1. Not finding help here? Sign up for a free 30min tutor trial with Chegg Tutors
    Dismiss Notice
Dismiss Notice
Join Physics Forums Today!
The friendliest, high quality science and math community on the planet! Everyone who loves science is here!

High school student submitting a paper?

  1. Apr 22, 2014 #1
    Good morning,

    I would like to ask for a piece of advice. I am in the third grade of high school, and I am thinking of submitting a scientific paper to A&A. I have made a lot of research on particle acceleration in Tycho supernova remnant, I have also won many competitions and mainly, discussed my research with the most respected astrophysicists from this field at the last AAS meeting in Washington. They were all quite interested in what I have been doing and told me that so far they are not aware of any errors or neglects I could have made. I finished my research a month ago, and I think that I managed to reach a very interesting conclusion - that the cosmic-rays are accelerated up to 0.58 PeV in Tycho and that the magnetic field amplification is indeed taking place there. I have found very good arguments and proofs for this (for me), however, I am really scared of submitting a paper. I wrote about my results to some of the professors I met at the meeting, but they all told they have no time to review what I wrote, but that I should try to submit a paper, since it is quite an important finding.

    I am literally scared - I would like to study this field when I am older, and hence I am afraid that if I really made some basic, stupid mistake, people I want to work with in the future will start to consider me ignorant and stupid. Not a good perspective for someone who is still in the beginning of his career. Moreover, I am also afraid that the review of my article will be influenced much by the fact that I am just a 17 years old girl. I have been reading scholarly articles for about three years, I know the appropriate form precisely, I know latex, I know the process of submission, but still... But on the other hand, I would really love to have my own publication after those two-three years of thorough research and studying. Moreover, it would increase my chances at scientific fairs and on getting scholarship. I have asked many people studying physics to check my calculations, but all of them said that "yes, it seems alright, but I am not specialised in this topic so I can't say whether you did not forget something important" (I admit, it is a very narrow topic).

    What should I do? Should I just "let it be" and focus on my education, or should I risk my "name" and submit it although I am so young, uneducated and inexperienced? Many of you probably are people who read/review articles in journals, would you consider such a submission unwise and absurd?

    Thank you much for your advice,
    Michaela
     
  2. jcsd
  3. Apr 22, 2014 #2

    ZapperZ

    User Avatar
    Staff Emeritus
    Science Advisor
    Education Advisor
    2016 Award

    1. Find an expert to read your manuscript. Unfortunately, this is easier said than done. Many of us are inundated by unsolicited requests to read this and that, from people claiming to have discovered the best thing since sliced bread. So if you can go through one of your teachers, get an expert to evaluate your work and ask if it has any value and importance, besides the requirement that it is correct/valid. You may even need his/her endorsement to accompany your submission.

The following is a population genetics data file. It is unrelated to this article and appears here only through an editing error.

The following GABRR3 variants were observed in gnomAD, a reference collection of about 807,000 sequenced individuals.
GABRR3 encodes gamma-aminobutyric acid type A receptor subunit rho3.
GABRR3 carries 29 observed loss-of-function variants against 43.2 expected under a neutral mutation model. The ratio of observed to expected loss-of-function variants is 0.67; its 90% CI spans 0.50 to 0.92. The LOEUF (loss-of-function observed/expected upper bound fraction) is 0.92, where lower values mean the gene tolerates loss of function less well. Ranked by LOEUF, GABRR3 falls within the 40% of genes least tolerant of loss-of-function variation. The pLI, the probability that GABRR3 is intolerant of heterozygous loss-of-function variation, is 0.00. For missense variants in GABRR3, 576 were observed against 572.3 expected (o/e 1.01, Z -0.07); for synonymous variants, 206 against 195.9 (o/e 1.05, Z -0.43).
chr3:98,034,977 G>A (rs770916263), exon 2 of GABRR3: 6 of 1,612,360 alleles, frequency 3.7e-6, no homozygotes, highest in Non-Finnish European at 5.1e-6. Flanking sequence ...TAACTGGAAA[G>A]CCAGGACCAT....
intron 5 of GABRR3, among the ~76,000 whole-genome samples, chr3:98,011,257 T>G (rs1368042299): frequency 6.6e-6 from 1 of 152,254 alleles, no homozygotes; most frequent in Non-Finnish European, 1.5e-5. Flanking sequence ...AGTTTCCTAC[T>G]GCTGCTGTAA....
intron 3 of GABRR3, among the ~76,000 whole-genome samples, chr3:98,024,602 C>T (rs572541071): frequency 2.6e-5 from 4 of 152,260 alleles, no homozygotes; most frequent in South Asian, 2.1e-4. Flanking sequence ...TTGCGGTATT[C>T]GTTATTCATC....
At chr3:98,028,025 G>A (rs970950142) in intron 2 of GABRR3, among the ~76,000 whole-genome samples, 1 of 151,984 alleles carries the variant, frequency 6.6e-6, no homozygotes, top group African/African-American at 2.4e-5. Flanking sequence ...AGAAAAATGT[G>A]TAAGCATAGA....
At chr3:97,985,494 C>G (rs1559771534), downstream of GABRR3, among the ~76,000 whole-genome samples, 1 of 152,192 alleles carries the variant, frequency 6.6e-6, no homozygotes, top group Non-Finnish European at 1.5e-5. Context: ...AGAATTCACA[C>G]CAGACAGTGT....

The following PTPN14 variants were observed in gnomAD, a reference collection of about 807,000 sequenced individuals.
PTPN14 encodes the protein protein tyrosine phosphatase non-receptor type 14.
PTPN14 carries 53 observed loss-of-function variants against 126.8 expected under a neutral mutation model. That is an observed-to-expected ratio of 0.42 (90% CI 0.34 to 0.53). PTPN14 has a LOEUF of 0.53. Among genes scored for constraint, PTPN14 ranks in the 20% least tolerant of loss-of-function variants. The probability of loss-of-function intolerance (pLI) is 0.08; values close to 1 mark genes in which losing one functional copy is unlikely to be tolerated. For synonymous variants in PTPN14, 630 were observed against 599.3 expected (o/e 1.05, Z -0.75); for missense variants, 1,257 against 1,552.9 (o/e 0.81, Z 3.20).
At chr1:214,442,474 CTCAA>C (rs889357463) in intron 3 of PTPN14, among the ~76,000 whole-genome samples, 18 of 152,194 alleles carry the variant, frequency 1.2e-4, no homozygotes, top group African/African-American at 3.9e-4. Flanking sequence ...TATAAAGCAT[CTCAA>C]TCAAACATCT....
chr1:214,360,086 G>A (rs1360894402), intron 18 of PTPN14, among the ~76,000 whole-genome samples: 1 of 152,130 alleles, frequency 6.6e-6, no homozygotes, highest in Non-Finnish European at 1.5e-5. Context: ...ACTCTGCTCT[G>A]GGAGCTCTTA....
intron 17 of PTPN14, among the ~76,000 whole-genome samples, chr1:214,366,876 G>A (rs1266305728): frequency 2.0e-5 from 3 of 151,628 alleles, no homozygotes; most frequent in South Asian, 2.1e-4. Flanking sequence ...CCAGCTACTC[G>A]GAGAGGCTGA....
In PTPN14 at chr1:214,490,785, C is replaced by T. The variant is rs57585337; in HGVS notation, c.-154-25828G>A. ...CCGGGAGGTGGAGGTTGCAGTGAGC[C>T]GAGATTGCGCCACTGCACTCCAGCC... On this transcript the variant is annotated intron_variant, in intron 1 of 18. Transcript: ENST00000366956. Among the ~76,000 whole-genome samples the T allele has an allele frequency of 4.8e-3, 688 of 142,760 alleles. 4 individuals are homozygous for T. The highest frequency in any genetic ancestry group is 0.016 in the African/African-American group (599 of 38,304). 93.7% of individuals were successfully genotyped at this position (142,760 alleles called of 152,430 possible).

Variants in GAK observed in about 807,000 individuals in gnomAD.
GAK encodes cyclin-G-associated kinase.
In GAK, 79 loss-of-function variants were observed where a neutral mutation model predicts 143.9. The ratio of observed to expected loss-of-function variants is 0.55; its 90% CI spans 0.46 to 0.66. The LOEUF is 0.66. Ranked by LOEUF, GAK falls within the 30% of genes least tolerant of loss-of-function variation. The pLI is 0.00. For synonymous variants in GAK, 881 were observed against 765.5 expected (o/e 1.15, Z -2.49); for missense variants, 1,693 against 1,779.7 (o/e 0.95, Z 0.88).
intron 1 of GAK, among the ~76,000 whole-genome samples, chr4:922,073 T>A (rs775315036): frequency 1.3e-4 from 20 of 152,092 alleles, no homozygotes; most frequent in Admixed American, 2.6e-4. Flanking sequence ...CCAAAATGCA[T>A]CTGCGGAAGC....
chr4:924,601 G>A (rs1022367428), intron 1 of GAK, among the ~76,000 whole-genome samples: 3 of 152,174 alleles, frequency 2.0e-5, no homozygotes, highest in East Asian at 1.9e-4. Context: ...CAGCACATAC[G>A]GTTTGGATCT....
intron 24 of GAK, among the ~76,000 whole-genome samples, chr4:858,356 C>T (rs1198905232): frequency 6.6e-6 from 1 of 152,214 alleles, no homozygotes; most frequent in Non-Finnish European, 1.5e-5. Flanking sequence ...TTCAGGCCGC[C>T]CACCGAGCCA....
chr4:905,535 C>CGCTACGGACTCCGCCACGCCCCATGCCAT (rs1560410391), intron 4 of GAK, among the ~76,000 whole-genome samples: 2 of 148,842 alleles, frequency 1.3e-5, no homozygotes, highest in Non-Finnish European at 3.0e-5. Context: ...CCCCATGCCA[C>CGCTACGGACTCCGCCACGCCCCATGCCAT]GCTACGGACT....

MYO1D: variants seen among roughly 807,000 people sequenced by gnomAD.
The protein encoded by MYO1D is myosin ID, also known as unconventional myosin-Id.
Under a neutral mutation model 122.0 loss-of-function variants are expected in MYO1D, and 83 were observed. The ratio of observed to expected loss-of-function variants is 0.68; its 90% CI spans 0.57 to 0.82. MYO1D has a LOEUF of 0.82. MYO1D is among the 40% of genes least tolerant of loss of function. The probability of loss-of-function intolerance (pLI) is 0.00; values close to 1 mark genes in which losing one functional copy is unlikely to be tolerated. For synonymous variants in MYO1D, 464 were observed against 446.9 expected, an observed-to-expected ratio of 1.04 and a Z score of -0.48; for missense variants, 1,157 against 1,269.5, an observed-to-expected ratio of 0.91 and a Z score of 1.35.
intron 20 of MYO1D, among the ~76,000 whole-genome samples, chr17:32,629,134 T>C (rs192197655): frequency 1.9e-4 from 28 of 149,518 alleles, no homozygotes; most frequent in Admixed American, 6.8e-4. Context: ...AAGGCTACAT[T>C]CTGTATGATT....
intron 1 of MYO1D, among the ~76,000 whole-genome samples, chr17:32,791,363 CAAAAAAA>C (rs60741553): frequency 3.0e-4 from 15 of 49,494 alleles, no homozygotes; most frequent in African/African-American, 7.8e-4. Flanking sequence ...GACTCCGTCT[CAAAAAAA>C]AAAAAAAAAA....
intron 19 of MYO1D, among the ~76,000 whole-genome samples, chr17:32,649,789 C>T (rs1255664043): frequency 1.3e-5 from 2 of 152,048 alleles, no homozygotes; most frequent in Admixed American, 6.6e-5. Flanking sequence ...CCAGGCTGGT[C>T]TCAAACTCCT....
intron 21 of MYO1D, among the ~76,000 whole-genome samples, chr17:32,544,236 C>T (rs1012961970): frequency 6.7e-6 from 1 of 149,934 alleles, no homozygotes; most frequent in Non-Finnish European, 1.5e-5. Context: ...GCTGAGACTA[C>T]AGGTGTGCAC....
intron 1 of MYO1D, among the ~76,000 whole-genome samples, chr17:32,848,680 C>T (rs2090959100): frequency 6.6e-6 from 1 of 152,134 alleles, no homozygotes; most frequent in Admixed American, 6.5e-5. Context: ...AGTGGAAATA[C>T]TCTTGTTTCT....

2. You need to understand the format and the language required by a particular journal for publication. Most journals have strict requirement in terms of the style that they want the submission in. And I'm not talking just about the typesetting. I'm talking about page length, sections, etc.

    3. Figure out the "language" that are often used in that journal. The biggest issue that I see with amateurs submitting their work is that they do not get the "presentation style" of scientific papers. These can't be learned. They can only be acquired after you are mentored by someone who had done this many times, and something that you get only after repeatedly doing this in submitting your own papers.

    Zz.
     
  4. Apr 22, 2014 #3
    ZapperZ's first point is I think the most important one. Points 2,3 will be dealt with if you can find an expert to read your manuscript. Ask the professors again, try calling them in person, maybe make them a co-author, then the paper will 'count' for their department. Ask them if they know somebody that is willing to help you.

    When you submit a paper, nobody will know you are 17 years old, and they don't care. They also don't care that you are a girl. The paper will be handed to some experts who will read the paper and judge it on content. If it gets rejected, nobody will know except for 2-3 reviewers and it will certainly not put your reputation at risk. Everybody gets a rejection once in a while.
     
  5. Apr 22, 2014 #4
    Thank you both very much, I am going to do it then :-)
     
Know someone interested in this topic? Share this thread via Reddit, Google+, Twitter, or Facebook




Similar Discussions: High school student submitting a paper?
Loading...